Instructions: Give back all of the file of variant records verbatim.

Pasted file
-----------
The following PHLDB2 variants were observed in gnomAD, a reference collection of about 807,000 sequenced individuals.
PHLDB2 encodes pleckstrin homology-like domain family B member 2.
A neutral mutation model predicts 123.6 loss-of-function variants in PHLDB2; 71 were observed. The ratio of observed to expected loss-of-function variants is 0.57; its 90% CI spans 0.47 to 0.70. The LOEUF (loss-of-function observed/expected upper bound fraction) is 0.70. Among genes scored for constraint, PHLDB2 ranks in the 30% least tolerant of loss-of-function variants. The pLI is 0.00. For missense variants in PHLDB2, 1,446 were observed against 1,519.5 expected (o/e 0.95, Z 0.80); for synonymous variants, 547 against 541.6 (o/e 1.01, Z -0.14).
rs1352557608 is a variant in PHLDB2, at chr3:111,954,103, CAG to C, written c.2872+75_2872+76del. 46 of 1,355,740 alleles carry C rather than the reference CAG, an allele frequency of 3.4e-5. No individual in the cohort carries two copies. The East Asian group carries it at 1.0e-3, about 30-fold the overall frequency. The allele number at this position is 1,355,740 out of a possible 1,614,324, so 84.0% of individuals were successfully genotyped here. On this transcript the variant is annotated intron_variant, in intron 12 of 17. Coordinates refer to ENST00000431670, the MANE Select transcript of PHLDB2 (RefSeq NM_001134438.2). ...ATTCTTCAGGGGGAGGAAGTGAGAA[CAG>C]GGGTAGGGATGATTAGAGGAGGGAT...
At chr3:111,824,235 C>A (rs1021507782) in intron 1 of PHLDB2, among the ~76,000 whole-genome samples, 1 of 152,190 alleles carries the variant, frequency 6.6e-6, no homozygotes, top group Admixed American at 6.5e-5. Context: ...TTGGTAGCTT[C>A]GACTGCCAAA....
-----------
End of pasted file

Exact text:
The following PHLDB2 variants were observed in gnomAD, a reference collection of about 807,000 sequenced individuals.
PHLDB2 encodes pleckstrin homology-like domain family B member 2.
A neutral mutation model predicts 123.6 loss-of-function variants in PHLDB2; 71 were observed. The ratio of observed to expected loss-of-function variants is 0.57; its 90% CI spans 0.47 to 0.70. The LOEUF (loss-of-function observed/expected upper bound fraction) is 0.70. Among genes scored for constraint, PHLDB2 ranks in the 30% least tolerant of loss-of-function variants. The pLI is 0.00. For missense variants in PHLDB2, 1,446 were observed against 1,519.5 expected (o/e 0.95, Z 0.80); for synonymous variants, 547 against 541.6 (o/e 1.01, Z -0.14).
rs1352557608 is a variant in PHLDB2, at chr3:111,954,103, CAG to C, written c.2872+75_2872+76del. 46 of 1,355,740 alleles carry C rather than the reference CAG, an allele frequency of 3.4e-5. No individual in the cohort carries two copies. The East Asian group carries it at 1.0e-3, about 30-fold the overall frequency. The allele number at this position is 1,355,740 out of a possible 1,614,324, so 84.0% of individuals were successfully genotyped here. On this transcript the variant is annotated intron_variant, in intron 12 of 17. Coordinates refer to ENST00000431670, the MANE Select transcript of PHLDB2 (RefSeq NM_001134438.2). ...ATTCTTCAGGGGGAGGAAGTGAGAA[CAG>C]GGGTAGGGATGATTAGAGGAGGGAT...
At chr3:111,824,235 C>A (rs1021507782) in intron 1 of PHLDB2, among the ~76,000 whole-genome samples, 1 of 152,190 alleles carries the variant, frequency 6.6e-6, no homozygotes, top group Admixed American at 6.5e-5. Context: ...TTGGTAGCTT[C>A]GACTGCCAAA....